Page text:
The most significant problem with the application is the relatively poor accuracy of the departure times. The coarse schedule information available from official sources requires that I estimate times for the vast majority of the stops. Although the estimations are likely good enough to be useful, the algorithm is crude. Consequently, my next step will be to ask Tyler Transit for more detailed timetable data. As I mentioned in my last blog post, it’s my belief that governments are much more likely to produce information if the utility of it is self-evident. Hopefully the existence of Tyler On Time justifies whatever investment would be required for them to release this data.

Though the basic functionality validates my time investment so far, this project also has a couple of significant stretch goals. First, I would like to build an SMS version of the app for users without smartphones. My friends at the awesome cloud-telephony service Tropo have expressed an interest in partnering on this project, which shouldn’t be particularly challenging to implement once better timetables are nailed down.

Second, I would like to convert the bus data into GTFS format and have Google Maps pick up the results. I suspect this would require an official endorsement from Tyler Transit, however, the value of doing so would be very high. It would allow Tylerites and visitors to get directions that include public transit as a navigation option. It would also allow Tyler On Time to provide “walk, ride, walk” directions to users of the application, like this.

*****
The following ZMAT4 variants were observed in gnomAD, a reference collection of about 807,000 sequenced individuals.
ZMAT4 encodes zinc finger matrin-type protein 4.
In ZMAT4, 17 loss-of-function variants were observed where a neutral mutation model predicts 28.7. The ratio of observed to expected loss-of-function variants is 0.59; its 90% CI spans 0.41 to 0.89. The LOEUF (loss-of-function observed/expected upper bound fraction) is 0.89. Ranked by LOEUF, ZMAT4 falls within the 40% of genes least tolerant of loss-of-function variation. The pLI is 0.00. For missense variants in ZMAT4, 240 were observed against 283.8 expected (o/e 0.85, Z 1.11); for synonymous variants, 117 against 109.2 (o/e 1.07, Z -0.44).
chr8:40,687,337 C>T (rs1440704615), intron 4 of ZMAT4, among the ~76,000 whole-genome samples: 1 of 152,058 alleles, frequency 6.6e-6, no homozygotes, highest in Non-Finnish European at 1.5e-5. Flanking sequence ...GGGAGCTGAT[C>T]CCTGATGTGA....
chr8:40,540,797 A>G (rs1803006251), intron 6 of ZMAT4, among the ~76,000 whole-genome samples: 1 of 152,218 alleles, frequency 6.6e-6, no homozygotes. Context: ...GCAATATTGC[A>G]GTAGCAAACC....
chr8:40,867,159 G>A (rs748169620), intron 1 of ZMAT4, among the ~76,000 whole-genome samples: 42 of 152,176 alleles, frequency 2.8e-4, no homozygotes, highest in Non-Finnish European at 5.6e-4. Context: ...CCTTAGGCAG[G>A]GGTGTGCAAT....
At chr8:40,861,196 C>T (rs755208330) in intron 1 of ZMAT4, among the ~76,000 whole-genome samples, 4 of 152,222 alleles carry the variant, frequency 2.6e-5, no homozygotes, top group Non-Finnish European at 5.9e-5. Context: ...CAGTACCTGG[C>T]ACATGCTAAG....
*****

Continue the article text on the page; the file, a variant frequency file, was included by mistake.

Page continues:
Finally, some notes about the technology being used in the app. The stack was heavily inspired by a very successful sprint the Tribapps team executed for the Chicago Breaking News Live application. Similar to that app, Tyler On Time’s logic is entirely client-side, backed by a small amount of Backbone.js (for url routing) and a tremendous amount of Underscore.js (for everything else). The static files themselves are hosted on Amazon S3. Basic styles and responsive switchy design come from the Skeleton framework. It has HTML5 semantic markup. The data processing was scripted primarily with Python, GDAL and csvkit. Stop maps were produced using TileMill with a modified version of Development Seed's custom base layer for Washington D.C. and data from the Smith County Map Site and Open Street Map. The whole thing was developed on Ubuntu Linux. Everything is open source.

I expect to keep iterating this application for at least a month, so please leave your suggestions (especially those of you from Tyler). Hopefully by my next post I will have detailed timetable data and be ready to move forward with additional methods of delivering that information to users.

*The application has not yet been deployed to either the Android Market or the App Store, but those with comfortable installing unsigned Android packages can download a beta here.